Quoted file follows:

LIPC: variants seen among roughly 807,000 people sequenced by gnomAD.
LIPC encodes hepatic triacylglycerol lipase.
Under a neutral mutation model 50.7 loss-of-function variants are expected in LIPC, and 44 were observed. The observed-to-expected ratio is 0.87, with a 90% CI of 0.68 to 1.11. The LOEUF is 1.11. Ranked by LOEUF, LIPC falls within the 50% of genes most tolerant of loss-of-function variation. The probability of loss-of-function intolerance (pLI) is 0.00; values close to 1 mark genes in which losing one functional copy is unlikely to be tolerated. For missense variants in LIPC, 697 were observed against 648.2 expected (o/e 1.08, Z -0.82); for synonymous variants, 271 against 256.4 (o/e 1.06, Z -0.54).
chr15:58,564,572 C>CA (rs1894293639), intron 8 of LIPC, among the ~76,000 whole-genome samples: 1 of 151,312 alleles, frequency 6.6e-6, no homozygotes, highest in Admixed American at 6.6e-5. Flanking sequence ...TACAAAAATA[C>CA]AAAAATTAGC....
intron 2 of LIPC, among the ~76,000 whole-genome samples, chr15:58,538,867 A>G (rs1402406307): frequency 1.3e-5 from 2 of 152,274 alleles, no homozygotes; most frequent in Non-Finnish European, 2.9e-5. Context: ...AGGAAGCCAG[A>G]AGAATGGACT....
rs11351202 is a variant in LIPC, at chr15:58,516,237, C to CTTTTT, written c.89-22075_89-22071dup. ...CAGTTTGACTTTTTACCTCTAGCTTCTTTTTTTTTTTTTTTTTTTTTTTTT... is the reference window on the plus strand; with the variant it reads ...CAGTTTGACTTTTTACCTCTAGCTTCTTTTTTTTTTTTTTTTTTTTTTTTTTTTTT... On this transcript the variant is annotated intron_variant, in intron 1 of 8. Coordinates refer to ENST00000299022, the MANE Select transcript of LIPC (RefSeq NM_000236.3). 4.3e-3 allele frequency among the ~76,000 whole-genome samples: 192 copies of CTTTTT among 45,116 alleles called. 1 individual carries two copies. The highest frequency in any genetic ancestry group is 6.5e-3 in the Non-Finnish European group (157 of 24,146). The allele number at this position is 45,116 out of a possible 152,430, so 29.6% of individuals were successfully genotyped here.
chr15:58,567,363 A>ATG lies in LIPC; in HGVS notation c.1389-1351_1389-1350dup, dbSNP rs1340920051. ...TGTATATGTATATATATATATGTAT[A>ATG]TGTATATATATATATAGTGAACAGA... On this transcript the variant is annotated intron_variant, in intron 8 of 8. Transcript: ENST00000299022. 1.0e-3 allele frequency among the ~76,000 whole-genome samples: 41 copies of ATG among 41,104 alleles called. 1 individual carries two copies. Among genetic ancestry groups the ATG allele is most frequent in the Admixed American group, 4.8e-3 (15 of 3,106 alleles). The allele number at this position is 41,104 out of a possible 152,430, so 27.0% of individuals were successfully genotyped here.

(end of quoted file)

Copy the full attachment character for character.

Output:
LIPC: variants seen among roughly 807,000 people sequenced by gnomAD.
LIPC encodes hepatic triacylglycerol lipase.
Under a neutral mutation model 50.7 loss-of-function variants are expected in LIPC, and 44 were observed. The observed-to-expected ratio is 0.87, with a 90% CI of 0.68 to 1.11. The LOEUF is 1.11. Ranked by LOEUF, LIPC falls within the 50% of genes most tolerant of loss-of-function variation. The probability of loss-of-function intolerance (pLI) is 0.00; values close to 1 mark genes in which losing one functional copy is unlikely to be tolerated. For missense variants in LIPC, 697 were observed against 648.2 expected (o/e 1.08, Z -0.82); for synonymous variants, 271 against 256.4 (o/e 1.06, Z -0.54).
chr15:58,564,572 C>CA (rs1894293639), intron 8 of LIPC, among the ~76,000 whole-genome samples: 1 of 151,312 alleles, frequency 6.6e-6, no homozygotes, highest in Admixed American at 6.6e-5. Flanking sequence ...TACAAAAATA[C>CA]AAAAATTAGC....
intron 2 of LIPC, among the ~76,000 whole-genome samples, chr15:58,538,867 A>G (rs1402406307): frequency 1.3e-5 from 2 of 152,274 alleles, no homozygotes; most frequent in Non-Finnish European, 2.9e-5. Context: ...AGGAAGCCAG[A>G]AGAATGGACT....
rs11351202 is a variant in LIPC, at chr15:58,516,237, C to CTTTTT, written c.89-22075_89-22071dup. ...CAGTTTGACTTTTTACCTCTAGCTTCTTTTTTTTTTTTTTTTTTTTTTTTT... is the reference window on the plus strand; with the variant it reads ...CAGTTTGACTTTTTACCTCTAGCTTCTTTTTTTTTTTTTTTTTTTTTTTTTTTTTT... On this transcript the variant is annotated intron_variant, in intron 1 of 8. Coordinates refer to ENST00000299022, the MANE Select transcript of LIPC (RefSeq NM_000236.3). 4.3e-3 allele frequency among the ~76,000 whole-genome samples: 192 copies of CTTTTT among 45,116 alleles called. 1 individual carries two copies. The highest frequency in any genetic ancestry group is 6.5e-3 in the Non-Finnish European group (157 of 24,146). The allele number at this position is 45,116 out of a possible 152,430, so 29.6% of individuals were successfully genotyped here.
chr15:58,567,363 A>ATG lies in LIPC; in HGVS notation c.1389-1351_1389-1350dup, dbSNP rs1340920051. ...TGTATATGTATATATATATATGTAT[A>ATG]TGTATATATATATATAGTGAACAGA... On this transcript the variant is annotated intron_variant, in intron 8 of 8. Transcript: ENST00000299022. 1.0e-3 allele frequency among the ~76,000 whole-genome samples: 41 copies of ATG among 41,104 alleles called. 1 individual carries two copies. Among genetic ancestry groups the ATG allele is most frequent in the Admixed American group, 4.8e-3 (15 of 3,106 alleles). The allele number at this position is 41,104 out of a possible 152,430, so 27.0% of individuals were successfully genotyped here.